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For decades, across much of the UK, far too few homes have been built. The average house now costs almost eight times annual earnings – an all-time record. In London and the South-East, of course, this ratio is even higher.

Much of “generation rent” is simply unable to buy a home. For millions of youngsters, even those with professional qualifications and good jobs, property-ownership is an ever more distant dream. Ten years ago, 64pc of 25- to 34-year olds, the crucial family-forming age group, owned their own home. In 2015, it was 39pc.
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We saw plenty Brexit-related headlines last week, after the government suffered its first Parliamentary defeat over the Article 50 bill. Theresa May insisted her plan to trigger Brexit before April “remains unchanged”, despite the House of Lords trying to force the government into guaranteeing the rights of all EU citizens currently living in the UK. The Prime Minister is “confident” the Lords’ amendment will be voted down when the bill returns to the Commons.

Our newspapers and airwaves are dominated not only by Brexit, of course, but also the spoken and tweeted words of Donald Trump. The US President gave his first speech to Congress last week – an address generally seen as more statesmanlike than his previous efforts.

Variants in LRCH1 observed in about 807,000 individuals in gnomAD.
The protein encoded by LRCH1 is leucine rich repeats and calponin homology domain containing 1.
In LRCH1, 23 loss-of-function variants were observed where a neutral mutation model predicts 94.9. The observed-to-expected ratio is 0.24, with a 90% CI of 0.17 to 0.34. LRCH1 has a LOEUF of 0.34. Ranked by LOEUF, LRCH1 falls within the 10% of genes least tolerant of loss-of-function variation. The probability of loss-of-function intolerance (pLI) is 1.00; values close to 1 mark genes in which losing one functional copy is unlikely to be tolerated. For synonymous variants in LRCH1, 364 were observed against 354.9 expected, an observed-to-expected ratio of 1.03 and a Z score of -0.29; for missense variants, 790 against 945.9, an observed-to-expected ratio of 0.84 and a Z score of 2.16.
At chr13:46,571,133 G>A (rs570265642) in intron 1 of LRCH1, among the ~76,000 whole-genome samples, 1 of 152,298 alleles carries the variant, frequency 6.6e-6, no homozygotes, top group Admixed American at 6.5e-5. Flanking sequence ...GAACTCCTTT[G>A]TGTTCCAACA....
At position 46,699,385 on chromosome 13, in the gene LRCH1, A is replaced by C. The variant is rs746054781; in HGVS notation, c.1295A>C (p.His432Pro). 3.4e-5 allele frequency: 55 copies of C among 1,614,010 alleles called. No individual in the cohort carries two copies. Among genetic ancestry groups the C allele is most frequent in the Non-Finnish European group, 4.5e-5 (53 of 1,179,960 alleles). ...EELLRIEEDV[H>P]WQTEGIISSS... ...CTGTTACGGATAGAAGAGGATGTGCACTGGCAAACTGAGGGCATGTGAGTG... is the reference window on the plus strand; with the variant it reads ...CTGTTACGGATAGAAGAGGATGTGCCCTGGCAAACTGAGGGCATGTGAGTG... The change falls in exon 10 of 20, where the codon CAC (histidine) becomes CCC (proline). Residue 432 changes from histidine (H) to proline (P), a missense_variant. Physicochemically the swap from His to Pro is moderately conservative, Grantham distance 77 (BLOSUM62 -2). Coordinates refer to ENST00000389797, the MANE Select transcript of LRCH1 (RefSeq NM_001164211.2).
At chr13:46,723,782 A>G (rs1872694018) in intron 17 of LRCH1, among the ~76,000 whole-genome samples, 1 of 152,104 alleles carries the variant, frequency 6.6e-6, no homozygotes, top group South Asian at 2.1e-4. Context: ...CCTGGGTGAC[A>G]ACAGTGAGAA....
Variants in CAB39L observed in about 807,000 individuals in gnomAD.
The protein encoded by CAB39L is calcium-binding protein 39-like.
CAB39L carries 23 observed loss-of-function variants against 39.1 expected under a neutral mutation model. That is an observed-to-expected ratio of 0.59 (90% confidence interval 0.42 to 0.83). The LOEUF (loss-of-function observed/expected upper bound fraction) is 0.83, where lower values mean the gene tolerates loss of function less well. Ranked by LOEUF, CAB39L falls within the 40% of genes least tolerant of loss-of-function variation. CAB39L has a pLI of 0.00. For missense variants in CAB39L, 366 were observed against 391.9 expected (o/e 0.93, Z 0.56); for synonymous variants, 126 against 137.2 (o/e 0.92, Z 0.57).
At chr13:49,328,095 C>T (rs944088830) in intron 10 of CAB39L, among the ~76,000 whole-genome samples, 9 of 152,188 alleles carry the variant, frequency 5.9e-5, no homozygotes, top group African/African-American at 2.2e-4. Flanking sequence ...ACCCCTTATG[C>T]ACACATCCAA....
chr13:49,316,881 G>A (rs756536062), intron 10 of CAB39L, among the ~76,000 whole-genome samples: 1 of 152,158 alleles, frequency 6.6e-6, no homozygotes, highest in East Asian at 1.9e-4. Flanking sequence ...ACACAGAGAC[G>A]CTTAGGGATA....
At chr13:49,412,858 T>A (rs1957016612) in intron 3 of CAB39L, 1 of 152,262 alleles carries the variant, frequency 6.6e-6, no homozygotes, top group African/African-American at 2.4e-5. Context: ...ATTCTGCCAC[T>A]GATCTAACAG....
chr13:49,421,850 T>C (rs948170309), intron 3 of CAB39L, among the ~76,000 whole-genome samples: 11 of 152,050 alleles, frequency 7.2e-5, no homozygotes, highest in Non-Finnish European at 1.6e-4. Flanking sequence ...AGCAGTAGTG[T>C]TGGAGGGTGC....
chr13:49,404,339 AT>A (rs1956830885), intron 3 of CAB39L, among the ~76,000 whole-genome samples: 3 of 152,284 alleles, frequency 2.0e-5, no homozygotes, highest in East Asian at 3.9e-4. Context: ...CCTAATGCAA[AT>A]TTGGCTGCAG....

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“The biggest barrier to social mobility and social progress is our broken housing market,” said Sajid Javid, while launching his long-awaited housing white paper last week. “Fixing it means taking on tough vested interests”. The Communities Secretary is right on both counts. But if this white paper is a genuine guide to future government action, it isn’t up to the job,

Over the last twenty years, amid soaring demand, we’ve built around two and a half million too few homes across the UK. This yawning supply-demand gap has made ownership evermore unaffordable. The average house today costs almost eight times average earnings – an all-time record, the ratio having doubled since 1997.

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Aaron Senessie is a maths teacher at a leading London secondary school. Whitney Joseph is a trainee lawyer in the City. A couple for several years, and now in their late-20s, Aaron and Whitney want to buy a modest home close to Whitney’s parents in Essex.

“It’s an uphill struggle – we’re saving hard, but always battling rising prices,” Aaron tells me, as part of my recent Channel 4 Dispatches investigation into UK house-building. “It’s really upsetting,” Whitney continues. “We’re hard-working people with good jobs – and we haven’t got a chance”.
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